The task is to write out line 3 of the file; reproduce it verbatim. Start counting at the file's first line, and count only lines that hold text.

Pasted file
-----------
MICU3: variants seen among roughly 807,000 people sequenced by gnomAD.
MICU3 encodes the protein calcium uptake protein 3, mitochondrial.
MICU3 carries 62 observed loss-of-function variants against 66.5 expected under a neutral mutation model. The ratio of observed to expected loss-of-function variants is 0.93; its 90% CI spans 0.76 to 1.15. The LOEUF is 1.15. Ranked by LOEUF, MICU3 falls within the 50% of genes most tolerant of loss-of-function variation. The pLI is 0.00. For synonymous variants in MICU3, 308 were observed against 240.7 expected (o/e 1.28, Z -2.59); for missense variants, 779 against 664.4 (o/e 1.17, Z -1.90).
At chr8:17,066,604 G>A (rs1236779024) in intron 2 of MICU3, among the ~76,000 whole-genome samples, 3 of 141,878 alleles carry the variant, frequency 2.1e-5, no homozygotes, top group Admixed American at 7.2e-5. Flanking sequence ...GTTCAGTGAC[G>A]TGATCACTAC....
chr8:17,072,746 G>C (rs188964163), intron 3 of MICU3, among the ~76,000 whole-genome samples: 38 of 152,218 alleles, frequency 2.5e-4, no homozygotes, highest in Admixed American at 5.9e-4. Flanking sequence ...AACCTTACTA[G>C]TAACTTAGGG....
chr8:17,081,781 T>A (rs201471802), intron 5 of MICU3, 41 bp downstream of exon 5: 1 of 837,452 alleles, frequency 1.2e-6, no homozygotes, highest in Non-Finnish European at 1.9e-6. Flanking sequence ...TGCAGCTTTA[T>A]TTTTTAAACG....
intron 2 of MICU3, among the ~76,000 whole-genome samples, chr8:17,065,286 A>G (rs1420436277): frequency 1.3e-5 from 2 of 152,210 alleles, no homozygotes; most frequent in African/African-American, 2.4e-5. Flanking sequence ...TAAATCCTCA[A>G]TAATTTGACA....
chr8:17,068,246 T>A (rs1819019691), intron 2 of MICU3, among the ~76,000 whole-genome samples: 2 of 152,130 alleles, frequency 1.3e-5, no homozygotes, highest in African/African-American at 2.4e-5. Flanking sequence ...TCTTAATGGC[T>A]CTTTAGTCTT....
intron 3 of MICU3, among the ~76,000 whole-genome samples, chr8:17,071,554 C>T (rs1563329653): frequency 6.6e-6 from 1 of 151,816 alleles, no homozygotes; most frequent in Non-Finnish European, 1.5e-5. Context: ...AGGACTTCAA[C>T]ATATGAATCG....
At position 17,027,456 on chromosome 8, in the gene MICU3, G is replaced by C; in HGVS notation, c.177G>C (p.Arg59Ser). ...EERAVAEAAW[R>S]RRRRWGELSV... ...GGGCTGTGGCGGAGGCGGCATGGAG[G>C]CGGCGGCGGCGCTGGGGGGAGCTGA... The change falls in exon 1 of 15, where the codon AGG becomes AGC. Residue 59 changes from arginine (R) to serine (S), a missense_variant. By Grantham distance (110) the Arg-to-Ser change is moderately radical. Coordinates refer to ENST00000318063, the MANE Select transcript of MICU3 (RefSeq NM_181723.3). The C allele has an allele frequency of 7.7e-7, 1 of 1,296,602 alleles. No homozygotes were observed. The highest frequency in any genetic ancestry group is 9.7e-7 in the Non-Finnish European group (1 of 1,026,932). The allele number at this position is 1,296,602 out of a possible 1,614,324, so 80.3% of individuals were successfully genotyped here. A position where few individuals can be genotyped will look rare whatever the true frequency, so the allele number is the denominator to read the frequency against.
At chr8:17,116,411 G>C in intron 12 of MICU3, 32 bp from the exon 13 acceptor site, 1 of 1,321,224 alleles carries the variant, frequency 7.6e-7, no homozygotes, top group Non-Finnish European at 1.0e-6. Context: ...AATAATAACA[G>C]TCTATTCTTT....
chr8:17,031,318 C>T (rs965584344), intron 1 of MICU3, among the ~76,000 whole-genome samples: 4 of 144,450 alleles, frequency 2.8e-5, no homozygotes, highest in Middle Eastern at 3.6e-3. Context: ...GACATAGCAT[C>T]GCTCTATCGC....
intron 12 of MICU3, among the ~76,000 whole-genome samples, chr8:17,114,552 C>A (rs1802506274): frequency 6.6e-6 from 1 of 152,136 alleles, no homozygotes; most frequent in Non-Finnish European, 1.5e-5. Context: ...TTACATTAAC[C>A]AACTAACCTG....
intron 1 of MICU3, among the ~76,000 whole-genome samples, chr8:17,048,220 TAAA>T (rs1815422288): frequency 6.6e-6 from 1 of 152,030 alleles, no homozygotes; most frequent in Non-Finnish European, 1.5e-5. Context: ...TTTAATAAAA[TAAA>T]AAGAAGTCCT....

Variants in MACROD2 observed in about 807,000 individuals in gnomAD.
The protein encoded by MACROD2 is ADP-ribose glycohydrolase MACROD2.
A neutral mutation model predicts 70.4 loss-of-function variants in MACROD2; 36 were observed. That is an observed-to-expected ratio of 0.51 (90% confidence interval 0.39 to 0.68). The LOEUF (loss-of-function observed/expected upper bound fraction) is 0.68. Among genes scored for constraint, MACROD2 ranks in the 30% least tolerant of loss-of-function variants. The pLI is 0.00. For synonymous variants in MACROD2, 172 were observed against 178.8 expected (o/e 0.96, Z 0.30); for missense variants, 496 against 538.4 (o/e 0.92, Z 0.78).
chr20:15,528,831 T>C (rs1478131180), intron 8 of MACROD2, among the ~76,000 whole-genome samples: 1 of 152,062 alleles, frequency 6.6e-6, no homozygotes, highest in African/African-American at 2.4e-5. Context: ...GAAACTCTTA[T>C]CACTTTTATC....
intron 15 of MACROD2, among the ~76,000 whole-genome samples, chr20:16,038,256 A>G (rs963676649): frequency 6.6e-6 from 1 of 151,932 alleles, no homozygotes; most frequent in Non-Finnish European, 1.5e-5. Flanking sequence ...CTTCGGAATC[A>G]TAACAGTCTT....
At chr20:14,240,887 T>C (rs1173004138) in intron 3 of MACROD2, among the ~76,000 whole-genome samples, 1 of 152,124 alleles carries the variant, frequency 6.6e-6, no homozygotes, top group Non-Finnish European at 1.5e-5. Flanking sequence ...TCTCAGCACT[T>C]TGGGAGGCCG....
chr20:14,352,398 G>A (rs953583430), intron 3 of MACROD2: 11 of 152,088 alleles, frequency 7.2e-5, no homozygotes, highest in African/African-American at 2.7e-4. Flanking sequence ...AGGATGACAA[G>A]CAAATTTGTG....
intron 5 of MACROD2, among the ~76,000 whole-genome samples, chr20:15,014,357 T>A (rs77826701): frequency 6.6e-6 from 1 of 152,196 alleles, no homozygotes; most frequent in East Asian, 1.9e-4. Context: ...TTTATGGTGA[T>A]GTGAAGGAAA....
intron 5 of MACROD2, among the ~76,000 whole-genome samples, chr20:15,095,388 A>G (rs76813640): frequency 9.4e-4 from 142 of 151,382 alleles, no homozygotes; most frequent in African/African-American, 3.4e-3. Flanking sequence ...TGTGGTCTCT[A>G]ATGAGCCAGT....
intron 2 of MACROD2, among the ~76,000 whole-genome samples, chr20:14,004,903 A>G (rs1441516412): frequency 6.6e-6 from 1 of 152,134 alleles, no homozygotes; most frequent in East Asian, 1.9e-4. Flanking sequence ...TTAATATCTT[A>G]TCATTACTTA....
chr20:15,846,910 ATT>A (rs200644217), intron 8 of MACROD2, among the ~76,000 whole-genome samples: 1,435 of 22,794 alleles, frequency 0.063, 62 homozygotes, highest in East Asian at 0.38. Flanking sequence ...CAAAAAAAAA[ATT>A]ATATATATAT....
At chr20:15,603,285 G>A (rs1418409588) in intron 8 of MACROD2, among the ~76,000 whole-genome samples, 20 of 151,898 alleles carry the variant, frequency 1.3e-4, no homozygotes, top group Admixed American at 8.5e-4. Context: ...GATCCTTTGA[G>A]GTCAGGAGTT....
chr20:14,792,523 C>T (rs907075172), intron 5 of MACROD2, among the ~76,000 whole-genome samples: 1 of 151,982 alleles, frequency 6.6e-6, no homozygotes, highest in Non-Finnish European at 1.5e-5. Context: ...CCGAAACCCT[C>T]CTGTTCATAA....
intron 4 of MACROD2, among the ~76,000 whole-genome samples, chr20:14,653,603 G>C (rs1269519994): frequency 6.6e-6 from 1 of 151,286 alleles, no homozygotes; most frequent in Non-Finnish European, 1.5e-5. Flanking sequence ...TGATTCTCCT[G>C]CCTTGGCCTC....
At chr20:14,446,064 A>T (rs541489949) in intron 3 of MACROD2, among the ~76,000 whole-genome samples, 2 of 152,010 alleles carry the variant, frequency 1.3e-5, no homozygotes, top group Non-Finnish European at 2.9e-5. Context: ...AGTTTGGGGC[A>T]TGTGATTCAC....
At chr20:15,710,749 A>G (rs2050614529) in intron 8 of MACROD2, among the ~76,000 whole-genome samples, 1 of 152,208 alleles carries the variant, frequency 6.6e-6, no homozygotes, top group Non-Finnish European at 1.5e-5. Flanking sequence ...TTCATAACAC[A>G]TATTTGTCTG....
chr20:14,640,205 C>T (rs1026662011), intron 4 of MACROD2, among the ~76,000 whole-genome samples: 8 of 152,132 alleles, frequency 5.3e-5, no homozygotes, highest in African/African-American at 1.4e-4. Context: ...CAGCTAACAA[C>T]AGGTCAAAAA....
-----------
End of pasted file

MICU3 carries 62 observed loss-of-function variants against 66.5 expected under a neutral mutation model. The ratio of observed to expected loss-of-function variants is 0.93; its 90% CI spans 0.76 to 1.15. The LOEUF is 1.15. Ranked by LOEUF, MICU3 falls within the 50% of genes most tolerant of loss-of-function variation. The pLI is 0.00. For synonymous variants in MICU3, 308 were observed against 240.7 expected (o/e 1.28, Z -2.59); for missense variants, 779 against 664.4 (o/e 1.17, Z -1.90).